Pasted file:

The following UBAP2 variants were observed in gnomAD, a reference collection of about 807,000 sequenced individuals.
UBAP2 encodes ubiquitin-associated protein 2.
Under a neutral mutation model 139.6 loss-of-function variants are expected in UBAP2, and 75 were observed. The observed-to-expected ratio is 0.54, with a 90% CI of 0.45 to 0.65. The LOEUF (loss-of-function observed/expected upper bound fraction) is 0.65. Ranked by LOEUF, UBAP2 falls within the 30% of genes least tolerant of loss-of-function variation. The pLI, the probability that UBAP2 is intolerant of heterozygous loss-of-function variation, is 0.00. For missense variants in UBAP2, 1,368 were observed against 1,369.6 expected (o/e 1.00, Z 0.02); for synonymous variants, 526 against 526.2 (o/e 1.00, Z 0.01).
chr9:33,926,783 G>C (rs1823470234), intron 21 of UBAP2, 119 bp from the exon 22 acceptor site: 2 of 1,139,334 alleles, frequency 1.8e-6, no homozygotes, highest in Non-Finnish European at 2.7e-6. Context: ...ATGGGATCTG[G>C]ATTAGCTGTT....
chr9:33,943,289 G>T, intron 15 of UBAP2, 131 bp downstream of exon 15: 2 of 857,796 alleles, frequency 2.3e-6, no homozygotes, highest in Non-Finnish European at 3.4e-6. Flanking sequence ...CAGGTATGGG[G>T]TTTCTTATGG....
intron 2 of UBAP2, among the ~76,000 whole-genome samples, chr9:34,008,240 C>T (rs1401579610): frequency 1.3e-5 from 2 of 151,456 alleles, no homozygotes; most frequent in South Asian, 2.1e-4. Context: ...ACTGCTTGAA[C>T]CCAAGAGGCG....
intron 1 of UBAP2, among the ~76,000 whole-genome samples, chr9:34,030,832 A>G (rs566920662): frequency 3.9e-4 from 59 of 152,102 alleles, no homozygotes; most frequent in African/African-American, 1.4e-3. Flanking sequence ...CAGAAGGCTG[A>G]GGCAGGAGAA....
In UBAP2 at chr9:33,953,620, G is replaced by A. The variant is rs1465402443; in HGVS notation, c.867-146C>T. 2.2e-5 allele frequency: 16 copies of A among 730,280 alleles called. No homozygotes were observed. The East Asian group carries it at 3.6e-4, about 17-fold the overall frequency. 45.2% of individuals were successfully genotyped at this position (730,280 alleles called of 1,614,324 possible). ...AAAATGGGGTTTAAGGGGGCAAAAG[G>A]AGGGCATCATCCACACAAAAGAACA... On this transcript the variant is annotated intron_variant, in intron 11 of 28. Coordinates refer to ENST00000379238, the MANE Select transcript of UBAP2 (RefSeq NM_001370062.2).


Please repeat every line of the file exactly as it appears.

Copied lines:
The following UBAP2 variants were observed in gnomAD, a reference collection of about 807,000 sequenced individuals.
UBAP2 encodes ubiquitin-associated protein 2.
Under a neutral mutation model 139.6 loss-of-function variants are expected in UBAP2, and 75 were observed. The observed-to-expected ratio is 0.54, with a 90% CI of 0.45 to 0.65. The LOEUF (loss-of-function observed/expected upper bound fraction) is 0.65. Ranked by LOEUF, UBAP2 falls within the 30% of genes least tolerant of loss-of-function variation. The pLI, the probability that UBAP2 is intolerant of heterozygous loss-of-function variation, is 0.00. For missense variants in UBAP2, 1,368 were observed against 1,369.6 expected (o/e 1.00, Z 0.02); for synonymous variants, 526 against 526.2 (o/e 1.00, Z 0.01).
chr9:33,926,783 G>C (rs1823470234), intron 21 of UBAP2, 119 bp from the exon 22 acceptor site: 2 of 1,139,334 alleles, frequency 1.8e-6, no homozygotes, highest in Non-Finnish European at 2.7e-6. Context: ...ATGGGATCTG[G>C]ATTAGCTGTT....
chr9:33,943,289 G>T, intron 15 of UBAP2, 131 bp downstream of exon 15: 2 of 857,796 alleles, frequency 2.3e-6, no homozygotes, highest in Non-Finnish European at 3.4e-6. Flanking sequence ...CAGGTATGGG[G>T]TTTCTTATGG....
intron 2 of UBAP2, among the ~76,000 whole-genome samples, chr9:34,008,240 C>T (rs1401579610): frequency 1.3e-5 from 2 of 151,456 alleles, no homozygotes; most frequent in South Asian, 2.1e-4. Context: ...ACTGCTTGAA[C>T]CCAAGAGGCG....
intron 1 of UBAP2, among the ~76,000 whole-genome samples, chr9:34,030,832 A>G (rs566920662): frequency 3.9e-4 from 59 of 152,102 alleles, no homozygotes; most frequent in African/African-American, 1.4e-3. Flanking sequence ...CAGAAGGCTG[A>G]GGCAGGAGAA....
In UBAP2 at chr9:33,953,620, G is replaced by A. The variant is rs1465402443; in HGVS notation, c.867-146C>T. 2.2e-5 allele frequency: 16 copies of A among 730,280 alleles called. No homozygotes were observed. The East Asian group carries it at 3.6e-4, about 17-fold the overall frequency. 45.2% of individuals were successfully genotyped at this position (730,280 alleles called of 1,614,324 possible). ...AAAATGGGGTTTAAGGGGGCAAAAG[G>A]AGGGCATCATCCACACAAAAGAACA... On this transcript the variant is annotated intron_variant, in intron 11 of 28. Coordinates refer to ENST00000379238, the MANE Select transcript of UBAP2 (RefSeq NM_001370062.2).